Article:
Treadway is proud of her long years of service and accomplishments and answered Five Questions for the Johnson City Press on her last day.
When did you start working for the city?
“I started working part time in the spring of 1977. I worked in the Building and Tax Office, doing tax notices that year and then again in 1978 and 1979. A full-time job opening came available in the Finance Department and I was hired full time on May 7, 1979, as the switchboard operator and assistant cashier.”
What was the office technology and equipment like back then in City Hall?
“I was the first person you talked to if you called anyone in city government. There were no direct lines and this was before cell phones. There were five local lines and one Johnson City line. During this time, I learned to do the payroll on an IBM punchcard computer, filling in for the payroll clerk anytime she was off. This was the only computer the city had until we got a computerized cash register and then a few desktop computers. In 1986 , I rang up the sale of the Carter County Memorial Hospital for $3 million. I had to do it in several transactions because the computer could not hold that many zeroes.”
There was also no electronic transfer of funds. Every day, Treadway would have to carry deposit bags full of money to the banks on Elk Avenue. “Carter County Bank got the General Fund deposits and Citizens Bank got the Water Department Funds. At tax time those bags got very heavy. Looking back, I am surprised I was never robbed. It was a different time back then, and I never really thought about it.”
Another big change was the opening of the new City Hall, across the street from the old City Hall. “In the fall of 1989 city employees gave up their Labor Day holiday day weekend to move equipment, furniture, and storage boxes from the old City Hall across the street to the newly constructed City Hall we are now using. From the front of the new City Hall, we watched the track hoe take down the old City Hall and jail. I was still responsible for the switchboard, processing some accounts payable bills, ordering office supplies, balancing the payment drawers and making deposits. Add to that a second payment window I operated, while other office employees took care of the drive-thru windows.”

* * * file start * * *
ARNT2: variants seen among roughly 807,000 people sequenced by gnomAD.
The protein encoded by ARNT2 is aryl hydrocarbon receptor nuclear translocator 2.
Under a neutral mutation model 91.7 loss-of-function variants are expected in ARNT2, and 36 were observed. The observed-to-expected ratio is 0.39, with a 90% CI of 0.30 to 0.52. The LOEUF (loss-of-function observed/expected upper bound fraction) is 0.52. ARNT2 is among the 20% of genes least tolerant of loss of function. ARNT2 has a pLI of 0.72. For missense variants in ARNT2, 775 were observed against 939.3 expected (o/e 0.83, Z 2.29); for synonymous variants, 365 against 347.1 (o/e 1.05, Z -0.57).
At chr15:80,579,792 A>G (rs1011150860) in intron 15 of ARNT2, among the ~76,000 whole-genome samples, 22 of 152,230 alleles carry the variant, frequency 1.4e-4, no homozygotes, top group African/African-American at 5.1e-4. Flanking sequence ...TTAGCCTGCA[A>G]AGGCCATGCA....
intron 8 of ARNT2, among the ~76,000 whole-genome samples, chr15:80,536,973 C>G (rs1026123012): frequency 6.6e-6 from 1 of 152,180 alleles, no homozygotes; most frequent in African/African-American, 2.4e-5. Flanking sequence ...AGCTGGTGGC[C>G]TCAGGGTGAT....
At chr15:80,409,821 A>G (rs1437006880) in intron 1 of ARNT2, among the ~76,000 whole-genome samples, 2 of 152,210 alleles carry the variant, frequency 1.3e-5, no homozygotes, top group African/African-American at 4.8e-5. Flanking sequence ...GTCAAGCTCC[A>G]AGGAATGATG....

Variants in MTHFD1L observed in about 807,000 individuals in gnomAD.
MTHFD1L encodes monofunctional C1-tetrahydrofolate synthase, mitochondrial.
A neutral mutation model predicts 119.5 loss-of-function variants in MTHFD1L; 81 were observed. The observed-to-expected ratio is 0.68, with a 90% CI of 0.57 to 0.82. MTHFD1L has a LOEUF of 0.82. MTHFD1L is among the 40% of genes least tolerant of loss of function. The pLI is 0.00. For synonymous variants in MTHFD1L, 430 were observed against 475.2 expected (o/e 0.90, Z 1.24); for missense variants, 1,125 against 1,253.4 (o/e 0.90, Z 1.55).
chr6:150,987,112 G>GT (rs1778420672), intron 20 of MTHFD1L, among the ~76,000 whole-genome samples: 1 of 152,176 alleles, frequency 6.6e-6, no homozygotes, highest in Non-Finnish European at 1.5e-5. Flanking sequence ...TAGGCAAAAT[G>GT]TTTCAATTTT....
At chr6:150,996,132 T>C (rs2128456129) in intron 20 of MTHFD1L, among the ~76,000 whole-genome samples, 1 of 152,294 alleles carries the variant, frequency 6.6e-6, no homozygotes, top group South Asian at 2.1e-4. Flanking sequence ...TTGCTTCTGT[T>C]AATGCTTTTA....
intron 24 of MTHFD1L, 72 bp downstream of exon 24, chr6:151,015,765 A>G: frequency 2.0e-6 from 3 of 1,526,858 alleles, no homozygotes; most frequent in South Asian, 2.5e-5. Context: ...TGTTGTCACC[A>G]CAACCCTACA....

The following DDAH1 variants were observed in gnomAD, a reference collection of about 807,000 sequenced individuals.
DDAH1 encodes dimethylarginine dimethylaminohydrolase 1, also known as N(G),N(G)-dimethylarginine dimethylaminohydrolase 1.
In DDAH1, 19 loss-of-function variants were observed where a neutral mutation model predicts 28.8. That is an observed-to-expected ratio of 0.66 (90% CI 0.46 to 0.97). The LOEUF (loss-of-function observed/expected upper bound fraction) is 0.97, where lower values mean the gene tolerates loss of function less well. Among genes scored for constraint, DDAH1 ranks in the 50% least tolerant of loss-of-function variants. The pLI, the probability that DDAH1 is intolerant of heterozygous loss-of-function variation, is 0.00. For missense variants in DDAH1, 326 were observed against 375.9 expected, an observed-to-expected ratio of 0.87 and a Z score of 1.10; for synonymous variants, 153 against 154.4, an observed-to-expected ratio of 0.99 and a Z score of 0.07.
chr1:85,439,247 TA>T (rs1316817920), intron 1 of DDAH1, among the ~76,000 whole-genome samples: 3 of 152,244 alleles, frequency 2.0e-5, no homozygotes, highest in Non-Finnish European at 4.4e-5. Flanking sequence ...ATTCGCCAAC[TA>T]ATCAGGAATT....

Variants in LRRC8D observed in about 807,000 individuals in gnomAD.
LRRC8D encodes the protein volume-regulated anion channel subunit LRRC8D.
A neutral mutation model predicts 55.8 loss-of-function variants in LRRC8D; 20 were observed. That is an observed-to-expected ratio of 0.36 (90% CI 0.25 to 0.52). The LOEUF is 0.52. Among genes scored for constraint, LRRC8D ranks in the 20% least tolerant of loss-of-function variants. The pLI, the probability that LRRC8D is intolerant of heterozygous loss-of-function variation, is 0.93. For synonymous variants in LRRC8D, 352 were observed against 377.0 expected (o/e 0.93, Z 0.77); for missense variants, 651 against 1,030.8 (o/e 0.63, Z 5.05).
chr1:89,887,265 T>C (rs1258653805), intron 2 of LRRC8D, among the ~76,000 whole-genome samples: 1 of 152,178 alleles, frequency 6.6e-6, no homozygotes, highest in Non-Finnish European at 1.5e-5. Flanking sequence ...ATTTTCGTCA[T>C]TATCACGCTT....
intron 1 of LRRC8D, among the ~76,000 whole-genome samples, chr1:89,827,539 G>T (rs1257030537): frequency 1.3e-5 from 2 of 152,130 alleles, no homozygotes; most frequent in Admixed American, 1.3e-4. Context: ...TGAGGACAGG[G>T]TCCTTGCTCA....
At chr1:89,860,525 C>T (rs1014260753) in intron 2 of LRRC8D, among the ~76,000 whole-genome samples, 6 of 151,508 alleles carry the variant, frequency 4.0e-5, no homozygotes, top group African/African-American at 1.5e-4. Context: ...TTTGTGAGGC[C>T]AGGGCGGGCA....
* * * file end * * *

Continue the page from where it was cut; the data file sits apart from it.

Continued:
When did you transfer to the Police Department?
“During a change in July 1994, I applied for a transfer to the Police Department and was hired as the records clerk and the Municipal Court clerk. I have seen court dockets from handwritten huge book to computer-generated printouts. I was appointed TAC (Terminal Agency Coordinator), acting as a liaison between the Elizbethton Police Department and the Tennessee Bureau of Investigation for the National Crime Information Center computer functions. The state went to the Tennessee Incident Based Reporting System and I was appointed records agency coordinator. I certified our department three different times in this system, every time we changed computer systems. I was instrumental in acquiring the Integrated Criminal Justice Portal and the TLO program for our department to use.
“I moved into the Criminal Investigation Division as an administrative assistant in 2004. Then, in 2008, the Police Department decided to put laptop computers in the cruisers. That year and the next I trained the entire department to be Query certified, so they could make and receive NCIC transitions on their laptops. I have seen to it those certifications were maintained on a two-year renewal schedule. I copy case files for the district attorney’s office for each grand jury and aid investigators with anything they need on their cases.”
“This job has been wonderful and I will miss it.”
Why did you choose this time to retire?
“Now, 40 years later, I feel it is time to enjoy my family and my hobbies. I enjoy capturing the beauty of our Carter County with a camera, delving into the history of our area and working with the Watauga Historical Association to preserve that history. I have my Mary Kay Cosmetics business I can work more, a garden to plant, and many other projects I’ve saved to do.”
Will you be more active in your history projects?
“Yes. I will be freed up to do more things. I will be at a genealogy program in Newland, N.C., on June 15. I will still be volunteering for genealogy nights at the Elizabethton Public Library and I will still be working every month with the Watauga Historical Association on their programs at the Tipton Haynes Historic Site. I won’t be bored.”